Half Empty Dream Cup of Concrete Roses

Paul Steinberg's Black History month blog post about dreams propelled me to write my first blog post in over a year.

My initial urge was to lament the struggle in retaining and reaching Black males in Computer Science. My friend Byron Robertson is getting his PhD on this very topic. Paul and I interviewed Byron at SC10 last November, but it was a series of private conversations we had that significantly affected my relationship with all my students. I had discovered on my own that being a passionate teacher is a key element. Heck that is about all I have, coupled with a moderate amount of knowledge and experience, and huge doses of the luck in being in the right place at the right time.

An essential factor, new to me, is to link classroom concepts to a student's previous analogous knowledge and experience. This is something I learned to do for myself along the way, which then became an unconscious skill. Byron helped me understand this is far from a universal skill, instead a barrier for many, stopping their learning cold.

I know it helps students to see possible jobs out there, as well as to see the link between course content and these academic and industry possibilities. What I didn't get was to help individual students see how a sequence of career steps is entirely possible and practical for them. I realize this is perhaps one of the most significant and subtle examples of the digital divide; a divide in the ease at which you can envision yourself as a successful computer professional.

These factors directly affected the Parallel Programming Club field trip I led to NERSC in Oakland; a trip we took just before this semester started. I could see how significant it was to talk specifics for over two hours with folks from NERSC. Kudos to NERSCs Jon Bashor for arranging it all, and feeding us some really good pizza. We even got our picture taken in front of Hopper, the fifth fastest computer in the world.

Jeff Duncan-Andrade from the Raza Studies department at SF State, who also teaches a high school class, as well as a high school advisory every morning, recently turned me on to a book of poetry, "The Rose That Grew From Concrete" by Tupac Shakur. Jeff pointed out that the rose growing in concrete, stilted in height with deformed petals, deserves not focus on its lack and why it grew, but instead appreciation and understanding how it grew. A lot of Jeff's students, and my students, cross gang lines on a series of busses to get to school each day. Jeff helped me see the courage and great energy it often takes for students to just get to the school entrance.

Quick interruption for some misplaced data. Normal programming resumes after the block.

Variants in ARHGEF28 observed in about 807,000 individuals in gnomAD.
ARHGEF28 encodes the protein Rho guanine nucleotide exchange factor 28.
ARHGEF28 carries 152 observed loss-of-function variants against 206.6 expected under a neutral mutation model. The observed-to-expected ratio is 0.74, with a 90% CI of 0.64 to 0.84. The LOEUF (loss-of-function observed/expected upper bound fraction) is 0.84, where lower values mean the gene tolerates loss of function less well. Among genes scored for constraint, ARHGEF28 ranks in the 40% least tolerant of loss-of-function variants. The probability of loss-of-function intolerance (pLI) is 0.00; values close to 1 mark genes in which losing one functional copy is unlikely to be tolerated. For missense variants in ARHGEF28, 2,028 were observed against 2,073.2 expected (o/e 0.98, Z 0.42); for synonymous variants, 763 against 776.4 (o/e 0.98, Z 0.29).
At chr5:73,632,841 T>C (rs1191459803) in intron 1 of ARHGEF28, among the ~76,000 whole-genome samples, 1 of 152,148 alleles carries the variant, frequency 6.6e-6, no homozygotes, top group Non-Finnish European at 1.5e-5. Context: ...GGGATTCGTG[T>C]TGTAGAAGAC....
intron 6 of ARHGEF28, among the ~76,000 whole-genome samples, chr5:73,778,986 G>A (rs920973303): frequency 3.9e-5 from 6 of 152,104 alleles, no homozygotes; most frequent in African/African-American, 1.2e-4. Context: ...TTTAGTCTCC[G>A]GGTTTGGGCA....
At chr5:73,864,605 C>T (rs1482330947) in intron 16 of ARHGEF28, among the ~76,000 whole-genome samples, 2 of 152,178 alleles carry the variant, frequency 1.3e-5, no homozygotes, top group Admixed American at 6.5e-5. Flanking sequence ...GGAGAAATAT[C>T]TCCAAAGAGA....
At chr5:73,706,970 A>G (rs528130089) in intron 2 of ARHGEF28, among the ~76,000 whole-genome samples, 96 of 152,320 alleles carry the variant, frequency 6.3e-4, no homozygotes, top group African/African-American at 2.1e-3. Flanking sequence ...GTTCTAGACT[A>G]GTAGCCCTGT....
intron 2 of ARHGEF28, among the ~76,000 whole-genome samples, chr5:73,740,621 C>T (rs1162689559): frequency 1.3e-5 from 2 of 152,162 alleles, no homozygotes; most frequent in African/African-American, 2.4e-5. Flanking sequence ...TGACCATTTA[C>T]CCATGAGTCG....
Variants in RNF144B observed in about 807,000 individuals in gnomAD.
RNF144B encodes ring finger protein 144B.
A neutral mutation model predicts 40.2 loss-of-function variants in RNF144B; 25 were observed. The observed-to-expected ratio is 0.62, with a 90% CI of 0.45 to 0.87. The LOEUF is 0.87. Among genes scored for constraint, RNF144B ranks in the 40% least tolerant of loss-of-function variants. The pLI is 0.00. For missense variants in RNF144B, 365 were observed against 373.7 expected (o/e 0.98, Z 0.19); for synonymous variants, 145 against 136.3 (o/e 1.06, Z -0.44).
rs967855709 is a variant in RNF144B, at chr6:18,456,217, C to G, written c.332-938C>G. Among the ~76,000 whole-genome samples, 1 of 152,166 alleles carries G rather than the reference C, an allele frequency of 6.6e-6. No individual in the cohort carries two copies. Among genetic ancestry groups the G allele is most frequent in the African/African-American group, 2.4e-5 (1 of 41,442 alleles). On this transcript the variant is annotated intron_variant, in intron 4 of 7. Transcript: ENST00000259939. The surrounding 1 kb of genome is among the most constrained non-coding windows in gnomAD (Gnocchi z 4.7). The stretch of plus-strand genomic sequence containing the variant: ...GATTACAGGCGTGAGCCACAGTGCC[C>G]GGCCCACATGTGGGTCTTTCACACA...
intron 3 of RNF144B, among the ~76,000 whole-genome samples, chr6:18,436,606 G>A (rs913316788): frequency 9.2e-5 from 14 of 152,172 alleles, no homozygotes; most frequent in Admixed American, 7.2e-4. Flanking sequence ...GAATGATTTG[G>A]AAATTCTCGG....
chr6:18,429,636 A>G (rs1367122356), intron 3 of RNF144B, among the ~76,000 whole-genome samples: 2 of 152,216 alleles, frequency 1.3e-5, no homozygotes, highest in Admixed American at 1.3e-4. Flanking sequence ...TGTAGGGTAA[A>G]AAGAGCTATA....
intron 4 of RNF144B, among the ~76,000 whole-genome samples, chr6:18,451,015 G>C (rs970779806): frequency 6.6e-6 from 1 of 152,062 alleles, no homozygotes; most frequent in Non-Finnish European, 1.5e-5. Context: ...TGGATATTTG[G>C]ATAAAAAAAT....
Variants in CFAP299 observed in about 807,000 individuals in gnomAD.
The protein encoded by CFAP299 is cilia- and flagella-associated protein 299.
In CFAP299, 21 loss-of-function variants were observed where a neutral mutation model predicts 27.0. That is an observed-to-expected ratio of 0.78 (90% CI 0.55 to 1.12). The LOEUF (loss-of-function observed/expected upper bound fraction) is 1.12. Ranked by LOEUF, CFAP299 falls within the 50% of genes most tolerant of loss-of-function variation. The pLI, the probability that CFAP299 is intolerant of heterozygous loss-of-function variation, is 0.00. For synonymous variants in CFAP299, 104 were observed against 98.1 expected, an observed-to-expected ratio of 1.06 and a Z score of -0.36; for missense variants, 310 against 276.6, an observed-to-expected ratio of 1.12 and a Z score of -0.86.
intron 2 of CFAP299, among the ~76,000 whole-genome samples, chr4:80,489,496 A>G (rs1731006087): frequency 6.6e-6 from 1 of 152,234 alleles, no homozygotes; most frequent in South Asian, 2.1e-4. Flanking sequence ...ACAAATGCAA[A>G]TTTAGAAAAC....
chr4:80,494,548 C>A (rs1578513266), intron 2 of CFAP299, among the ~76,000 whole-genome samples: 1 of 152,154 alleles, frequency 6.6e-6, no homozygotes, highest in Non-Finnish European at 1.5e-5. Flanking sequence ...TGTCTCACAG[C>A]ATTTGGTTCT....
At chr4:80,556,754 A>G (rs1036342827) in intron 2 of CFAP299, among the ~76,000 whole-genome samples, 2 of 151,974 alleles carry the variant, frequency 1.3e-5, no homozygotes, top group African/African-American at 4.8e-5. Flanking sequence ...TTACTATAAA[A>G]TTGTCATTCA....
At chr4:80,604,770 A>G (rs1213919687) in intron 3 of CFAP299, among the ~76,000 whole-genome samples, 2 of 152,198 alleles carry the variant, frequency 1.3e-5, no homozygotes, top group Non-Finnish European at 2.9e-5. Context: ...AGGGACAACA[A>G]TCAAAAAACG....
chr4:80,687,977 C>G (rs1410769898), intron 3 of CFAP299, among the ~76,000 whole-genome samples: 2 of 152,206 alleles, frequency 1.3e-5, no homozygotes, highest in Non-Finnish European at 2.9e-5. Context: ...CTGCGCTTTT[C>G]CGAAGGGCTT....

This makes me think of my student of mine who I first met last semester when he took two classes from me. He was one of the many students Intel graciously supported in accompanying me to last September's IDF. He learned voraciously and diligently last semester, but still ended up failing both the classes he took. He is also one of the students working on designing and assembling the portable cluster in an attache case: an ungraded project we do outside of any class. He is back taking two classes from me this semester, and is even more focused. He is one of many students who came out of Richmond who will hopefully succeed with filling in knowledge gaps and growing in skills as a successful student. I am better armed to help him and others on their journey.

Thanks Byron and Jeff for helping me be a more effective teacher, advocate, and coach.

The title mentions a half empty cup. I would be remiss in failing to mention that I am seeing greatly increased success among Black males in my classes. One student transferred to Georgia Tech at the end of last semester; another who also happened to start last semester, was the catalyst for starting the Parallel Programming Club and is project lead on our multi-platform rewrite and extension of WiiMote based whiteboards. Successes small and large fuel the dreams leading to more successes. I am delighted to be part of helping students write a new history for themselves.

These things peacefully and purposely fill me this first day of Black History month.
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